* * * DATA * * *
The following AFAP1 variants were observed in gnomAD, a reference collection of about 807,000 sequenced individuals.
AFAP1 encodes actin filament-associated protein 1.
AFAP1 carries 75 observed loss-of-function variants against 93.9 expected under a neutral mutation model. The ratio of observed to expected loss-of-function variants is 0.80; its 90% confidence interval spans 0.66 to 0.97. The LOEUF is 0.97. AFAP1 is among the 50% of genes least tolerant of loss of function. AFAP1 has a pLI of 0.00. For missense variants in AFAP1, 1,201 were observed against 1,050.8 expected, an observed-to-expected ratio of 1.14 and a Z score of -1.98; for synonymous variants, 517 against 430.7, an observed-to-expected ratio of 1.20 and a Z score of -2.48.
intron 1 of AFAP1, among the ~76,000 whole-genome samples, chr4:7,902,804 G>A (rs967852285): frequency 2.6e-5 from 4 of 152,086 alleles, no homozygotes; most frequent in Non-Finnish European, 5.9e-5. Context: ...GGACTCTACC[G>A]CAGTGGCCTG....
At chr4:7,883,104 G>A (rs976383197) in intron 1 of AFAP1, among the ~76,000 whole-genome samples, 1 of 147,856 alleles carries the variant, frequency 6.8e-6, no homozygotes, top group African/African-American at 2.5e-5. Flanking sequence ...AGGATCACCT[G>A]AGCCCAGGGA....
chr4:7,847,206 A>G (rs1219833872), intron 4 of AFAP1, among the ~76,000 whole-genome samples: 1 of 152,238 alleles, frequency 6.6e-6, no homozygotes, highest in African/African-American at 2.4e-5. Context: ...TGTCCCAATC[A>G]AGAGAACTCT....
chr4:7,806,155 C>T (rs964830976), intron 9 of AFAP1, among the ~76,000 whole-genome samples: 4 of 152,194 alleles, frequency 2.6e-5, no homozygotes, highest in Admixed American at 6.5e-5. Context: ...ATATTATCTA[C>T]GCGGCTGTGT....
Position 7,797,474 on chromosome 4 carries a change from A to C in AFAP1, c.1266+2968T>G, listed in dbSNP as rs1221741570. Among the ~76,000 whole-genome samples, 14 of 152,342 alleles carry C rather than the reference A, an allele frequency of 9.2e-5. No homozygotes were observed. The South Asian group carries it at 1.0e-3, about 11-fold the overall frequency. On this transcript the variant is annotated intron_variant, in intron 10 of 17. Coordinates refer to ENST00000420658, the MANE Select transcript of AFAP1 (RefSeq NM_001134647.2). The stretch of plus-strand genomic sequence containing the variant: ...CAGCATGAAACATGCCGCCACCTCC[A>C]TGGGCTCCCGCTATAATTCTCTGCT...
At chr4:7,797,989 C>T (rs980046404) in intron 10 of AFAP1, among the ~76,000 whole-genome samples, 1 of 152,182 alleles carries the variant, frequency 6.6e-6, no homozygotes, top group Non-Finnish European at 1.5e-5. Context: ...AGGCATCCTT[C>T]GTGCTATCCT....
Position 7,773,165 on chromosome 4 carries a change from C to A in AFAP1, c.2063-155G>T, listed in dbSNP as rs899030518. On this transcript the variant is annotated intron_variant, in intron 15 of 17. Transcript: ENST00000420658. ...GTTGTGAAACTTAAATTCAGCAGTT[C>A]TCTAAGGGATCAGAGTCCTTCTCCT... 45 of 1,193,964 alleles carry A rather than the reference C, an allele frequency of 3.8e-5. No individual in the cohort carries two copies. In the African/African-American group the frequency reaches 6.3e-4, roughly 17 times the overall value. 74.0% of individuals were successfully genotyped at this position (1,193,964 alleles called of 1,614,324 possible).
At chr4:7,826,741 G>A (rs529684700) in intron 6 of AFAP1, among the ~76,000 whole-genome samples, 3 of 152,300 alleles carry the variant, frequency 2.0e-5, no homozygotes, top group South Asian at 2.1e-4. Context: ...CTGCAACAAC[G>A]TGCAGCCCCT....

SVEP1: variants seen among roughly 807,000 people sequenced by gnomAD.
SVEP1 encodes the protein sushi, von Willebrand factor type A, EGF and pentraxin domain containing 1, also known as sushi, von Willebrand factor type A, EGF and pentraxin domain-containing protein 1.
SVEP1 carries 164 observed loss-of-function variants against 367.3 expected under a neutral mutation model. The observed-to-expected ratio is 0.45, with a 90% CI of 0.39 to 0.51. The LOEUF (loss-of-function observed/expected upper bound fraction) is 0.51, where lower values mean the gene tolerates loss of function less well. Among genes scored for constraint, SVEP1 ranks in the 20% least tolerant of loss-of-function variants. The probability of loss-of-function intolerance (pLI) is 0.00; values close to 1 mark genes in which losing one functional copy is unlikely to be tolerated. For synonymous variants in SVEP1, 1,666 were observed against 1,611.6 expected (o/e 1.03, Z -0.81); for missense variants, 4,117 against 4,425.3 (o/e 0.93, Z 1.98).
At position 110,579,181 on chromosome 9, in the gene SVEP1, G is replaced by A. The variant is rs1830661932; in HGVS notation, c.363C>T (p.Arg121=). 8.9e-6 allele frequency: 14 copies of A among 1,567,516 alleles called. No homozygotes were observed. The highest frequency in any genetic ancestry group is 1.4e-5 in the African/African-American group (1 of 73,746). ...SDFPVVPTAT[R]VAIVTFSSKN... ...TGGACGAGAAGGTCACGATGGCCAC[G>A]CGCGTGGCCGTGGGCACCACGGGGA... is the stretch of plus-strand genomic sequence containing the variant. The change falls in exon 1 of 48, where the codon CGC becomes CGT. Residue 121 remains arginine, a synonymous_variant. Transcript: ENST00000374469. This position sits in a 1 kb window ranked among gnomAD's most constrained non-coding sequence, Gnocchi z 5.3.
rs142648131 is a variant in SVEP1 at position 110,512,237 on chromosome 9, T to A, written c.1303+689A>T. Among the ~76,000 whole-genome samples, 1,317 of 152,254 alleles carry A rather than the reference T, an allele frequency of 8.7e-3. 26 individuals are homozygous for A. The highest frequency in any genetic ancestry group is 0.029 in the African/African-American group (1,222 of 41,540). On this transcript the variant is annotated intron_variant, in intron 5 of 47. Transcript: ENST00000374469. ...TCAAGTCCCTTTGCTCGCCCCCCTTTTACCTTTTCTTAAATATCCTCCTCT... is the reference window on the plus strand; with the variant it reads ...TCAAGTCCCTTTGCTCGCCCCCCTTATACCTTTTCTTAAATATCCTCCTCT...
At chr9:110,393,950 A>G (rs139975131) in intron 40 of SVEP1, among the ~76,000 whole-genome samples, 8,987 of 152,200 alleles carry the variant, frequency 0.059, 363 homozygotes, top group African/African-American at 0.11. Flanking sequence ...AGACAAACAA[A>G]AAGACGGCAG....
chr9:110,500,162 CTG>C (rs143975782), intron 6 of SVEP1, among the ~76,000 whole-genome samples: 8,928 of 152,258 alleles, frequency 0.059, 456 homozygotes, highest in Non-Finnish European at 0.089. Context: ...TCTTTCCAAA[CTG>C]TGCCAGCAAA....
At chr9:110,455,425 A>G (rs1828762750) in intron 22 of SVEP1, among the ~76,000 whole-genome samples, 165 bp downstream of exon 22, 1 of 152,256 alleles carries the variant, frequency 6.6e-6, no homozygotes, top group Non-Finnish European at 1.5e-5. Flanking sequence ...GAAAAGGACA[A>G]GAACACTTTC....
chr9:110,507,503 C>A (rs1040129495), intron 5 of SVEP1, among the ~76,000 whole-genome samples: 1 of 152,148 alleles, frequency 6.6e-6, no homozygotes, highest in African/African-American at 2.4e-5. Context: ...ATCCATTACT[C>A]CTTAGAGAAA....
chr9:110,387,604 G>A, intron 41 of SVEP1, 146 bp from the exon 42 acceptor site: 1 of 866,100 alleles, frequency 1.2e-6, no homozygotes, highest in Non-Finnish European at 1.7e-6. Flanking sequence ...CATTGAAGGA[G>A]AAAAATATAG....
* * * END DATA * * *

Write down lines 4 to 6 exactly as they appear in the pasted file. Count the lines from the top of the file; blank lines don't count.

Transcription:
intron 1 of AFAP1, among the ~76,000 whole-genome samples, chr4:7,902,804 G>A (rs967852285): frequency 2.6e-5 from 4 of 152,086 alleles, no homozygotes; most frequent in Non-Finnish European, 5.9e-5. Context: ...GGACTCTACC[G>A]CAGTGGCCTG....
At chr4:7,883,104 G>A (rs976383197) in intron 1 of AFAP1, among the ~76,000 whole-genome samples, 1 of 147,856 alleles carries the variant, frequency 6.8e-6, no homozygotes, top group African/African-American at 2.5e-5. Flanking sequence ...AGGATCACCT[G>A]AGCCCAGGGA....
chr4:7,847,206 A>G (rs1219833872), intron 4 of AFAP1, among the ~76,000 whole-genome samples: 1 of 152,238 alleles, frequency 6.6e-6, no homozygotes, highest in African/African-American at 2.4e-5. Context: ...TGTCCCAATC[A>G]AGAGAACTCT....